Joanne Phillips lives in Shropshire with her husband and daughter. She’s the author of contemporary women’s fiction novels Can’t Live Without and The Family Trap. Joanne is studying for a masters in creative writing at Manchester Metropolitan University and works part time as an indexer.
What inspires you to write?
I’m more compelled to write than inspired – if I’m not writing there’s something very wrong in my world! I get ideas from everywhere, from my past and issues and problems I’ve faced, and my fears for the future. I think writing is a way of working stuff out for many authors.
Tell us about your writing process.
I use Scrivenor, which is a brilliant bit of software for writers. I am a planner – I like to work from a detailed outline that I can refine and change as the need arises. All my attempts at writing novels without planning have resulted in 3/4 finished manuscripts – of which I have many! I like to write by hand too, making notes on characters, their backgrounds and inner lives. Oh, and post-it notes all over the wall of my office often make an appearance early on in the planning process!
For Fiction Writers: Do you listen (or talk to) to your characters?
Listen. I have imaginary conversations, but never out loud.
What advice would you give other writers?
Write. I know that sounds obvious but I’ve had periods when I’ve been really focused on ‘being a writer’ but ended up doing very little actual writing! The writing must come first. Don’t be sidetracked by writing courses, groups, events, magazines, books, blogs, etc. Write every day.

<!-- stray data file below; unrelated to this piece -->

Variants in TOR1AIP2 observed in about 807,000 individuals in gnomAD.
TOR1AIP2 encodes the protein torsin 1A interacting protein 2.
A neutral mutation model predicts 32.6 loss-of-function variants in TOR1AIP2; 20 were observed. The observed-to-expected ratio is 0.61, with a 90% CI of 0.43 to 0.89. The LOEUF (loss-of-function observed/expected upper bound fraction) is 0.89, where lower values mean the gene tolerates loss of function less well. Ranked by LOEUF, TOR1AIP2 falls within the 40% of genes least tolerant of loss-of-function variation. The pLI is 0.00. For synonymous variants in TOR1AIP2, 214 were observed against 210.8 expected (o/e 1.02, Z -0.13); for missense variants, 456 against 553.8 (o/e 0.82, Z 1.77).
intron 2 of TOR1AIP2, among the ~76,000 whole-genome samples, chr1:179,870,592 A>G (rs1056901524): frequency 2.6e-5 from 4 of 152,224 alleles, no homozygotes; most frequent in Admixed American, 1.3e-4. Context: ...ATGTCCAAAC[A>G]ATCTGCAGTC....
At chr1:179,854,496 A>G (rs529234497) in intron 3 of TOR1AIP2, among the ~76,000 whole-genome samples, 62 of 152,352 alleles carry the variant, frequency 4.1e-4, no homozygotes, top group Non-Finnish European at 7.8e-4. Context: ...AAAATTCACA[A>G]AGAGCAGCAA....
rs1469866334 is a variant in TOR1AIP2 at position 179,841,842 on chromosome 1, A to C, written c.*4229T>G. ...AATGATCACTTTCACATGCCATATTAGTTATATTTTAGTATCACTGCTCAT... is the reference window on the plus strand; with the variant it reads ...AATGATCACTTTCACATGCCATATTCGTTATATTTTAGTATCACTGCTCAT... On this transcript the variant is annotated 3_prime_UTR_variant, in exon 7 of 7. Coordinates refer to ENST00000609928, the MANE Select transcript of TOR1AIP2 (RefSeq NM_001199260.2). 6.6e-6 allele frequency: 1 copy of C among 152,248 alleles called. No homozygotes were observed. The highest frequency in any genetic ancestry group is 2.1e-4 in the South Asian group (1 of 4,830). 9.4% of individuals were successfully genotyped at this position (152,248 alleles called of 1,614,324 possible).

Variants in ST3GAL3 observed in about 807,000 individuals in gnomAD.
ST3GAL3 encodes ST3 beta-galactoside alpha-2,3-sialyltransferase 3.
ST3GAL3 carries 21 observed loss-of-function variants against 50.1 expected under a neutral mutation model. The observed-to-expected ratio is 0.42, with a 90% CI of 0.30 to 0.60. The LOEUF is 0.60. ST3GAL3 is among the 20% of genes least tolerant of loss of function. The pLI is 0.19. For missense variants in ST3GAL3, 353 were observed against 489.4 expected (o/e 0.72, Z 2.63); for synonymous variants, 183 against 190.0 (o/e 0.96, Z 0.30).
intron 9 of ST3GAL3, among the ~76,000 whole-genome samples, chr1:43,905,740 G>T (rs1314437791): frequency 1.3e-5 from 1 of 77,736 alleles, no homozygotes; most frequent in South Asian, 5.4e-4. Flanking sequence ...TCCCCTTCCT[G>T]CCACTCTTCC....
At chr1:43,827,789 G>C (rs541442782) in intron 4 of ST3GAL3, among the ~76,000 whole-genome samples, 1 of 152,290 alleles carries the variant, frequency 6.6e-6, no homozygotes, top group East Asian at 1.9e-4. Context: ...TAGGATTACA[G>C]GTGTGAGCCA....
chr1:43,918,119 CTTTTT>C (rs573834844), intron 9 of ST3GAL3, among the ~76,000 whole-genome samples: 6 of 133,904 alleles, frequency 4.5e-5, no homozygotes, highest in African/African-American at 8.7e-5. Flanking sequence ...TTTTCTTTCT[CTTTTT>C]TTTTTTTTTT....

How did you decide how to publish your books?
I self-published my first two novels, but only after having interest from an agent and getting them extensively edited and beta-read. I think new writers should head down the traditional route first, not only because if you do manage to secure representation it leaves you more free to write, but also because it is a valuable learning process about how publishing works and getting used to rejection!
What do you think about the future of book publishing?
I think self-publishing will settle down a bit and stop being so controversial – readers don’t care how their books reach them, they just want a good read. With more routes to market the ebook world is huge – and I can’t see it getting any smaller! I’m not good at predictions, so I’ll just try and stay flexible and go with the flow.
What do you use?
Professional Editor, Professional Cover Designer, and Beta Readers
What genres do you write?
contemporary romance and cosy mystery
What formats are your books in?
Both eBook and Print.